Permaculture Literacy – HHA

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13 Comments

  • Lawrence Bermann says:

    I think this is a good base so far. I have to think back to before I began studying the various areas I have been interested in prior to this course. Much of it so far is a nice review and seems like it is becoming common knowledge through the new and various other outlets. Still good information.

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  • Lawrence Bermann says:

    As a base knowledge these are good. I have to think back to before I began studying prior to this course. I think most of the information so far is becoming common knowledge. It is good to revisit and take a second look.

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  • Oakley Biesanz says:

    Thank you for this useful info, especially the computer image of CO2. This really helps bring it home that creating even more photosynthesis opportunities and other carbon sequestering techniques like mulching and not tilling on our sites can help this specific problem of too much CO2 (and other greenhouse gasses.) We can be part of the solution! Love it.

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    • Bret James says:

      Very much so! That is why I also prefer to chop and drop or mulch versus doing burn piles (keeps more CO2 in the ground). The ocean is actually a bigger carbon sink than the forests, more on that soon…

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  • Martha Troutman says:

    It proves powerful how our own yard can make a difference– by adding to the land’s reservoir for carbon de-sequestration. Trees pull out the most; then shrubs, perennials, grasses…
    Also, it is very interesting (almost scary) to have satellite monitoring of (the sources for) CO2, and to see where that could take us.
    Thanks, Bret James, for the lesson! – The Troutmans

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  • susan tupper says:

    very pertinent to the reasons many of us here are embracing permaculture…where I grew up in the South Pacific, climate change was a very huge concern because the islands are feeling the effects acutely, particularly with rising sea levels and storms that just devastate the already little land masses…what really got me, was coming to California and finding organic versus non-organic (or as I like to call ‘poisoned’ foods). I thought all fresh food was organic but oh no…the travesty is that one has to pay three times as much to get non-poisoned foods and even then, these organic labels are not to be trusted! There came a point I could not bear to shop for groceries anymore cos my stomach would churn..meats colored etc…just awful!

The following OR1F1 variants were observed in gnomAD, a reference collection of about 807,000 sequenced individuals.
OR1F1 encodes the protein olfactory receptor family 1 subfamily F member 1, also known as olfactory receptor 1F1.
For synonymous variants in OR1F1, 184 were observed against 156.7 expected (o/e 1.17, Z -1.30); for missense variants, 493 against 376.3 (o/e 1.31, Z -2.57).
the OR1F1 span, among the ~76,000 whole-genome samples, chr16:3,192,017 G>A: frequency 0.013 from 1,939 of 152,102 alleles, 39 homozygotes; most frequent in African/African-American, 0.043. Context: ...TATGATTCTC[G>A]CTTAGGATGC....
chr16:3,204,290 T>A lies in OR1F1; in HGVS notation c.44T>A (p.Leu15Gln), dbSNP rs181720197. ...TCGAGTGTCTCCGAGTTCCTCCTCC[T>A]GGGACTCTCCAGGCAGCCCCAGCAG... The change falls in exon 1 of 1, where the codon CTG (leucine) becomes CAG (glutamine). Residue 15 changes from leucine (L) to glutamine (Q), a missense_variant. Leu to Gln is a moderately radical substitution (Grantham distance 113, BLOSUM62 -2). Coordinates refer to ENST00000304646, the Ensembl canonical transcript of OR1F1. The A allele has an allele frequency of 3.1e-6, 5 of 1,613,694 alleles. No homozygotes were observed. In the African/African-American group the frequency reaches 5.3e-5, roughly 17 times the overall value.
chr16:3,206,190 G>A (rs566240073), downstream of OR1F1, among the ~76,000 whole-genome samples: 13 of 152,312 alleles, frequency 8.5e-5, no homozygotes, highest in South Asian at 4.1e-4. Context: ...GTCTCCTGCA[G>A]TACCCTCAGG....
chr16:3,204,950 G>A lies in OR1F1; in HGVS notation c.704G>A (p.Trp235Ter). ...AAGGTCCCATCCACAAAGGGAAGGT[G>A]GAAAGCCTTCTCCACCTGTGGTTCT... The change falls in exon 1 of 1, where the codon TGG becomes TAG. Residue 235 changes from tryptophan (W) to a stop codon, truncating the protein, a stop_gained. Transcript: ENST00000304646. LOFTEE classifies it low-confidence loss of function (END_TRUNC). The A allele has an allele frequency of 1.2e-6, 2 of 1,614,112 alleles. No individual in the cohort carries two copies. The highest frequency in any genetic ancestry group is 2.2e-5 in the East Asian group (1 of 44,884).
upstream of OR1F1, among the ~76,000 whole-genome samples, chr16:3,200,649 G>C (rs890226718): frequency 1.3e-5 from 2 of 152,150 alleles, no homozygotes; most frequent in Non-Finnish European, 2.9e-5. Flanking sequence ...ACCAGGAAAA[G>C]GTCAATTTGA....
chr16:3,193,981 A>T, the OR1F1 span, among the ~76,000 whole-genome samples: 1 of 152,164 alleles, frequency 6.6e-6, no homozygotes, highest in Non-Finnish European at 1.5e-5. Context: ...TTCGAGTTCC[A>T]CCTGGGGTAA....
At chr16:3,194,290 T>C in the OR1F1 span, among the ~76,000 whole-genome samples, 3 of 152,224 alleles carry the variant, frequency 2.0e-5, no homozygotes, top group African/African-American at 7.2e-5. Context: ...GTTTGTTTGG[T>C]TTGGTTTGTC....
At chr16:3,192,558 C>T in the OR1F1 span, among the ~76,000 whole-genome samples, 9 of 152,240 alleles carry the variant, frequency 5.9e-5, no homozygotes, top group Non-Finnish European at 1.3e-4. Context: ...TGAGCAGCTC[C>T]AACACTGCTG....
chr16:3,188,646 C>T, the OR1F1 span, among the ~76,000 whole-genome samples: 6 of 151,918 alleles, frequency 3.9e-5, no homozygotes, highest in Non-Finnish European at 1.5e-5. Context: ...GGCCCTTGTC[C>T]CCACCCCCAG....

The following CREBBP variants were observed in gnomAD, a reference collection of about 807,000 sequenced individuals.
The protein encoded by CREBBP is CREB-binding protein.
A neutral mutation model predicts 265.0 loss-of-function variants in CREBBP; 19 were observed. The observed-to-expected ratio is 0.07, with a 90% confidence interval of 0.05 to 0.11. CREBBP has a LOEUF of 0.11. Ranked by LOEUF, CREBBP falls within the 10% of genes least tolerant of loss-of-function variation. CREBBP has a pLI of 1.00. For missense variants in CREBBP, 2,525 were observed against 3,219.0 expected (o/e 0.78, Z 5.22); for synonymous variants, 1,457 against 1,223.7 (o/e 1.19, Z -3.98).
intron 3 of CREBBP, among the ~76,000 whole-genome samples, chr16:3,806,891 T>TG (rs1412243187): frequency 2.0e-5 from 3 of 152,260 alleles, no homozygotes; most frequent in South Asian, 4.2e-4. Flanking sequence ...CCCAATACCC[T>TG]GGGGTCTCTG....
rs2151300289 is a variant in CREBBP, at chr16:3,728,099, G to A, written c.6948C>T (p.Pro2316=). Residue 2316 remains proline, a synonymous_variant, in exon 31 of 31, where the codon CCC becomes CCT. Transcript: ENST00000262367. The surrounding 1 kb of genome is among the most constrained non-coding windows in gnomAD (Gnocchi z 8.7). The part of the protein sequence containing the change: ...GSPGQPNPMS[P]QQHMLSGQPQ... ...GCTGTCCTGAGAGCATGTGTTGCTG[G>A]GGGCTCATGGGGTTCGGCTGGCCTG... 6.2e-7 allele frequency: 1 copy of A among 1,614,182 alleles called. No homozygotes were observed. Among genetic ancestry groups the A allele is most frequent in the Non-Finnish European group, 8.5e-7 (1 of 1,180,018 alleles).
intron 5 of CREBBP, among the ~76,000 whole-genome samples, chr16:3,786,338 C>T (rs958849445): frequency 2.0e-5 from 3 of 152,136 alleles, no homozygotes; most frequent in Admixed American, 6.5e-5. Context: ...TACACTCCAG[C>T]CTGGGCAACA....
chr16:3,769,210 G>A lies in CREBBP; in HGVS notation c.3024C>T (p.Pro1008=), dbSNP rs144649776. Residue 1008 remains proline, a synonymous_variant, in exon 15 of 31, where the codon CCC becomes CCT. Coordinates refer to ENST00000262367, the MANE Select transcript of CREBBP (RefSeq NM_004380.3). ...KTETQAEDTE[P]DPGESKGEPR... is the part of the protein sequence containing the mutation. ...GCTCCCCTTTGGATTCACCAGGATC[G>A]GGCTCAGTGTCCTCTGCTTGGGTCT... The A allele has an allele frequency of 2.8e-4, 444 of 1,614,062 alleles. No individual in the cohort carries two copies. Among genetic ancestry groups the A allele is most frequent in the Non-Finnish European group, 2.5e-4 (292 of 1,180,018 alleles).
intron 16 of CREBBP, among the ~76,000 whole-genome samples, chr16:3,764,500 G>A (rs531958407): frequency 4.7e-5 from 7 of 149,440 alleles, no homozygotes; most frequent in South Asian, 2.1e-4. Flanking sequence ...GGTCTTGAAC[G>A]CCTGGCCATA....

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  • Kimberley Kinsey says:

    This lesson I find not very useful to me. Too much evolution. I agree that the earth is being abused, we definitely need to look after it and help nature restore itself.

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  • Xochitl Coronado says:

    Permaculture is definitely a solution to rising temperatures. its interesting to see how the pollutants travel across the globe. its a guide of where the permaculture movement needs to be.

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    • Bret James says:

      Valuable observation Xochitl! And also that pollution effects EVERYONE even if there isn’t a brown cloud overhead. Chances are there are micro plastics in my well water…

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  • Dorota Glab says:

    This is an incredible computer model!

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  • Kimberly Groome says:

    The supplemental material is a nice add on to the lessons, Im learning so much already

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    • Bret James says:

      There is so much to learn in permaculture that most any of these lessons or modules could be a course in their own! The intent of a PDC is to show and teach what is possible and let you pick the specific areas that you want to study and master in depth!

      Reply

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